Beverly McNeil said her mother, Pinelake resident Ellery Chisholm, called moments after the gunman stormed into her room and pointed his "deer gun" at her roommate. "They're up here shooting, they're up here shooting," Chisholm frantically told her 14-year-old granddaughter, Tavia, over the phone, McNeil said.

Chisholm told her daughter that she hid her face in her shirt so she couldn't see the man or what she expected him to do, McNeil said. He didn't shoot, but left the room and began shooting down the hallway.

"(The gunman) was just looking at (my mother) and put the gun up to the other lady's head," McNeil said.

The small town about 60 miles southwest of Raleigh in North Carolina's Sandhills region was shocked by the violence.

"I don't know if the emotion entirely has set in," said Police Chief Chris McKenzie, a Carthage native who said nothing in his nearly 20-year law enforcement career compared to Sunday's slaughter. "It's a small community built on faith, and faith will get us through."

Krueger said the victims were Pinelake residents Tessie Garner, 75; Lillian Dunn, 89; Jesse Musser, 88; Bessie Hedrick, 78; John Goldston, 78; Margaret Johnson, 89; Louise De Kler, 98; and nurse Jerry Avant Jr., 39.

Jerry Avant, the father of Jerry Avant Jr., said his only son spent 10 years serving in the Coast Guard before finding his true calling – working with the elderly. Jerry Avant Jr. had just passed his board test to become a registered nurse, his father said.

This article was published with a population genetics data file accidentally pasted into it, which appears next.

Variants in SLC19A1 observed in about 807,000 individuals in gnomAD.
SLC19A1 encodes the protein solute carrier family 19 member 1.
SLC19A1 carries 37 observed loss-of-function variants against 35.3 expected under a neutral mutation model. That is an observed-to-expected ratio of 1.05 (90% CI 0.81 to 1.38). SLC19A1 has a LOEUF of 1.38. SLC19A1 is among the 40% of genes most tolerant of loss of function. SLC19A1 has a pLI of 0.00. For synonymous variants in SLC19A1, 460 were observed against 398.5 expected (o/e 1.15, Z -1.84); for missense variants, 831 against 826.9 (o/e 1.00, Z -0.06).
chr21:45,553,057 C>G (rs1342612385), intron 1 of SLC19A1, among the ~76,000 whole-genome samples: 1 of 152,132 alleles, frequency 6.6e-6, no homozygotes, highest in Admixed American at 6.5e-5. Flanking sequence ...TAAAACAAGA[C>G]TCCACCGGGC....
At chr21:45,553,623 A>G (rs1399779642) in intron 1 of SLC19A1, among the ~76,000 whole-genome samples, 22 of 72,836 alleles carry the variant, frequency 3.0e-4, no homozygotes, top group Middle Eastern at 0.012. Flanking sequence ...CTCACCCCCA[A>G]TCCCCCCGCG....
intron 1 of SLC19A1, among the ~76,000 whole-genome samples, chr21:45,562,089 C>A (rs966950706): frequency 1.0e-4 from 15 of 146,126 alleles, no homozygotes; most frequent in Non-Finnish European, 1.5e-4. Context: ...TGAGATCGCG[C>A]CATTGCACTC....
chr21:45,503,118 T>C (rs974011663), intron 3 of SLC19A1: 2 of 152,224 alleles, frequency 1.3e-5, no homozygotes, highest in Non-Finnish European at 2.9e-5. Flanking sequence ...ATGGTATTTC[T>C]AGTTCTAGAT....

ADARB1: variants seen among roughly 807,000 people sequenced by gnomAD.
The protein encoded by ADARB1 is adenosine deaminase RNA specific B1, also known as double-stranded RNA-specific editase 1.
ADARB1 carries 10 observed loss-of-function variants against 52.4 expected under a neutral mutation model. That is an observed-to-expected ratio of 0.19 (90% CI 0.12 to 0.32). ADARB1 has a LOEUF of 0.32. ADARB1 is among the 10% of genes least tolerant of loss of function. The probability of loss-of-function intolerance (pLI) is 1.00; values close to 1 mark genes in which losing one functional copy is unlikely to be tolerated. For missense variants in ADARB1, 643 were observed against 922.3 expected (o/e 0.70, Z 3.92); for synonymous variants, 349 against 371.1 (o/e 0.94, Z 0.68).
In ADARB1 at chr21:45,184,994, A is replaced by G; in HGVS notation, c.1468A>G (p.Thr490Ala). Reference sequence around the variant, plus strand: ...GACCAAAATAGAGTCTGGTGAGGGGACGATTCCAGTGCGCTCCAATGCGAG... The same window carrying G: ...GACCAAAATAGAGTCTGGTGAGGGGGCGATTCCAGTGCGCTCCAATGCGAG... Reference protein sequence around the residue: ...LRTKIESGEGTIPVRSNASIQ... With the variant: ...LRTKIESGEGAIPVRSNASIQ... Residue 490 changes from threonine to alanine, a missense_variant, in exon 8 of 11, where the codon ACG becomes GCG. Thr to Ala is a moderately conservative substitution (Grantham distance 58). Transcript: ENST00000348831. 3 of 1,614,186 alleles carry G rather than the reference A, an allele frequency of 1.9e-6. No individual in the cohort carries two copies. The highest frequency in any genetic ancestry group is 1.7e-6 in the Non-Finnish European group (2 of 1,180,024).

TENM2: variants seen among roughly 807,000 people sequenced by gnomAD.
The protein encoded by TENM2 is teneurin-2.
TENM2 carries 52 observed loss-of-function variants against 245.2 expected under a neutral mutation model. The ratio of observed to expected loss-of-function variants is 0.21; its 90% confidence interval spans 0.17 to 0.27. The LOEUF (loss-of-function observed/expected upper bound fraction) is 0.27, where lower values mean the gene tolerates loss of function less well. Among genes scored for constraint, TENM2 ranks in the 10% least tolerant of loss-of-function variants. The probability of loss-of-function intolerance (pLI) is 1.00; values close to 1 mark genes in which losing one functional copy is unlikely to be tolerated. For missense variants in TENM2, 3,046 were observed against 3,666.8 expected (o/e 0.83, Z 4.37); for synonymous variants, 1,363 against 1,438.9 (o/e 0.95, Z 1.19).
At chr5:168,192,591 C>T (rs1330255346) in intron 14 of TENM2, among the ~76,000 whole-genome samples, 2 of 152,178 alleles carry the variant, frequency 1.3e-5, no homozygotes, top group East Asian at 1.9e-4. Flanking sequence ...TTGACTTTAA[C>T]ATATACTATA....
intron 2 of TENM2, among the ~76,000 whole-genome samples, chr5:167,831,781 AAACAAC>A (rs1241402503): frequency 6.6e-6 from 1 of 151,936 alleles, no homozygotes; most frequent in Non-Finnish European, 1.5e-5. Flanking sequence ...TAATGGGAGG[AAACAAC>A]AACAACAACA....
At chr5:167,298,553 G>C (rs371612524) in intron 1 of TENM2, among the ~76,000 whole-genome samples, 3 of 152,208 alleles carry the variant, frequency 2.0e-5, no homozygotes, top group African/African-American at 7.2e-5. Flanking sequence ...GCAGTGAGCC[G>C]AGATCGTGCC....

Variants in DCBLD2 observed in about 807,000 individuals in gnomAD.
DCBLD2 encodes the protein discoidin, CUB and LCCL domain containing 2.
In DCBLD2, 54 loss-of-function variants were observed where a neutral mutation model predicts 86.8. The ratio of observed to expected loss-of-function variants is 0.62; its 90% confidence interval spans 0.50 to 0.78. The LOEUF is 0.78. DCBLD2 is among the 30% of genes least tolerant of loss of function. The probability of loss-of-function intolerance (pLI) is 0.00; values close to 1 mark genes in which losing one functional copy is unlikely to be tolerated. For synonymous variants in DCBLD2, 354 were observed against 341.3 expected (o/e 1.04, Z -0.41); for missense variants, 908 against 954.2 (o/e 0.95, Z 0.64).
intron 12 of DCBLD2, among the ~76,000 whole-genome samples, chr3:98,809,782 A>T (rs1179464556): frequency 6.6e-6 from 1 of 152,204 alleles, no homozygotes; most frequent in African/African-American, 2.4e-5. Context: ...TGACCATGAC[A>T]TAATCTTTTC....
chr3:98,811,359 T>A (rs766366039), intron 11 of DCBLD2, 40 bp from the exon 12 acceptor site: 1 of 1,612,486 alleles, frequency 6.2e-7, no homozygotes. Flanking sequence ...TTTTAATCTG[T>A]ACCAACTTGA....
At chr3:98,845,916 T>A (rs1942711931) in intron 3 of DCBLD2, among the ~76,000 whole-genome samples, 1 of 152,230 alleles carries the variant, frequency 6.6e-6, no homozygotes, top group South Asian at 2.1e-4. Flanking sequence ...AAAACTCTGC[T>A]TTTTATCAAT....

Jerry Avant said doctors called his son a hero.

“All I heard was just that someone went in there and started shooting,” he said. "(My son) saved a lot of lives before he went down."

Jerry Avant Jr.'s girlfriend, who also worked at the nursing home, found him lying in a pool of blood after the shooting, the senior Avant said.

"He was real smart. I am not just saying that because he was my son. He has always been smart," Jerry Avant said.

Tammy Clark's mother was also inside the nursing home when the rampage began.

"To my understanding, he was shooting at the residents and the workers,” Clark said. “He went into the room and shot some of the people right there in their beds."

Clark’s mother wasn't injured.

Friends and family of Pinelake residents and employees started to gather not long after the shooting at the First Baptist Church of Carthage. They were frustrated by the lack of immediate news about who had died, said Lea Chandler, a volunteer with the Moore County chapter of the American Red Cross.

Chandler said she saw two women and their husbands get the news that their mother had been killed.

"They were just crying out, 'Why mama?'" Chandler said. "To see people suffer is hard. To see people suffering, not knowing, trying to find information."

Five-star facility closes after attack

The facility was closed after the attack as authorities worked to gather evidence inside and out. Krueger declined to say if authorities had moved the surviving residents from the 110-bed facility, including patients with Alzheimer's disease, saying only, "They're safe, which is the primary thing."

Among the items investigators found was a camouflaged-colored rifle or shotgun, which was leaning against the side of a Jeep Cherokee in the parking lot.

Pinelake Health and Rehab was last inspected in May, and the review resulted in an overall five-star – or "much above average" – rating from federal Medicaid officials. A nursing home Web site said the facility opened in 1993 and has 110 beds, including 20 for those with Alzheimer's disease.

Sunday's rampage happened just weeks after a man killed 10 people, including his mother and several other relatives, in the worst mass shooting in Alabama's history on March 10. On March 11, a teen killed 12 people at his former high school in Germany.